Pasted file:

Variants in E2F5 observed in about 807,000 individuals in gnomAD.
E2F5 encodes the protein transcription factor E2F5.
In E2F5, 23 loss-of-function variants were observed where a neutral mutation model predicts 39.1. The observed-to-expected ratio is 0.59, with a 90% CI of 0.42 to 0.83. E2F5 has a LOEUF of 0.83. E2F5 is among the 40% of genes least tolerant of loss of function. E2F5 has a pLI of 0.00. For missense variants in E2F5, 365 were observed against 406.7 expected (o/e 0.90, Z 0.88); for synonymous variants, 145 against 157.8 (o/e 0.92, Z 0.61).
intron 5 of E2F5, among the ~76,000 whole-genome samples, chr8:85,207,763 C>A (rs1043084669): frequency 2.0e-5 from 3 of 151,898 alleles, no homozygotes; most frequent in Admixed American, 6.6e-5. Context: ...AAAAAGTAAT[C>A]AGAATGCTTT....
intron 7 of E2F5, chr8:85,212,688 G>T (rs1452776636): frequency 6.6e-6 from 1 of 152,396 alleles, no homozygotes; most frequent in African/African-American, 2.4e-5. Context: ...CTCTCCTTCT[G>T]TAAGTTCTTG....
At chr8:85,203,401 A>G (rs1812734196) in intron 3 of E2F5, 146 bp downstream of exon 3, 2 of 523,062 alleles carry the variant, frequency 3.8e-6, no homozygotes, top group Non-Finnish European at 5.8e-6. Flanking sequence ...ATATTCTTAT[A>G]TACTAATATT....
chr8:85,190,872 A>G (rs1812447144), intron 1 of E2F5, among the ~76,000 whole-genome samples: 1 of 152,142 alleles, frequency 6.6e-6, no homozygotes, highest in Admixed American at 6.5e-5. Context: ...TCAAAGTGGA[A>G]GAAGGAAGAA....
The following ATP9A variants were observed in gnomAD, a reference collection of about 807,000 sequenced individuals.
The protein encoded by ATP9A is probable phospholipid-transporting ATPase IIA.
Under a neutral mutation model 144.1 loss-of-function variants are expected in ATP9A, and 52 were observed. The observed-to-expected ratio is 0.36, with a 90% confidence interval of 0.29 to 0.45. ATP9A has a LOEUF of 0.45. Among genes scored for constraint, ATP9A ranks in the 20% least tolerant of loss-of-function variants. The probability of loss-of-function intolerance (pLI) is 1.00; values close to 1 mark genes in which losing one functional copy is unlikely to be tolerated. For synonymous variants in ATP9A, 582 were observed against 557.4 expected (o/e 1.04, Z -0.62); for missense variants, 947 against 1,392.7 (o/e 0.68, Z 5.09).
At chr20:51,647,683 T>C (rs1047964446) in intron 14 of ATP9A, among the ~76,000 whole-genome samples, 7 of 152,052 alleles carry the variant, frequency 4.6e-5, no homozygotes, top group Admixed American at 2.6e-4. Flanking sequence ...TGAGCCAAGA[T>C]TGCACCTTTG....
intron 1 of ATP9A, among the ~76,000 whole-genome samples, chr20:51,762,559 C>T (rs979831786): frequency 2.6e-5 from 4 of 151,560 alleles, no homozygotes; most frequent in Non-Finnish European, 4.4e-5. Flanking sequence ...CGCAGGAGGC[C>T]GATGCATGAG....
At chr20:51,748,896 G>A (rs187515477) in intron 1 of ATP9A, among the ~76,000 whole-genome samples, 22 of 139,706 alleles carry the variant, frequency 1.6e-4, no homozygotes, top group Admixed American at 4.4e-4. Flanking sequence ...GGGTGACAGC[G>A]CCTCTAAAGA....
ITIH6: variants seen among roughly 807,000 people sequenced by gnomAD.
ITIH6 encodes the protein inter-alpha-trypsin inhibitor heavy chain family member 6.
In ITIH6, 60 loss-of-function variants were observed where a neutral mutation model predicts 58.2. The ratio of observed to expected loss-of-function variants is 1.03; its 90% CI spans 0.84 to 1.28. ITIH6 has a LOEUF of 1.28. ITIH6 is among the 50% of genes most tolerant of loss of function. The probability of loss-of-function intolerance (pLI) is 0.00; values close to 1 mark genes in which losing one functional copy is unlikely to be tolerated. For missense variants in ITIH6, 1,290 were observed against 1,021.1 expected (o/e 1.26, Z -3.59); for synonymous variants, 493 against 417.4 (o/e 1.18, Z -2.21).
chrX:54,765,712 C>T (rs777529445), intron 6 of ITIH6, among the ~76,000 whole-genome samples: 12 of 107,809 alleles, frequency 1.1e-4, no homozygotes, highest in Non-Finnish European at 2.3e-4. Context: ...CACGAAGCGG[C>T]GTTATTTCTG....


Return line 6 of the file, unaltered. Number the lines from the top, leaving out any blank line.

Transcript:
At chr8:85,203,401 A>G (rs1812734196) in intron 3 of E2F5, 146 bp downstream of exon 3, 2 of 523,062 alleles carry the variant, frequency 3.8e-6, no homozygotes, top group Non-Finnish European at 5.8e-6. Flanking sequence ...ATATTCTTAT[A>G]TACTAATATT....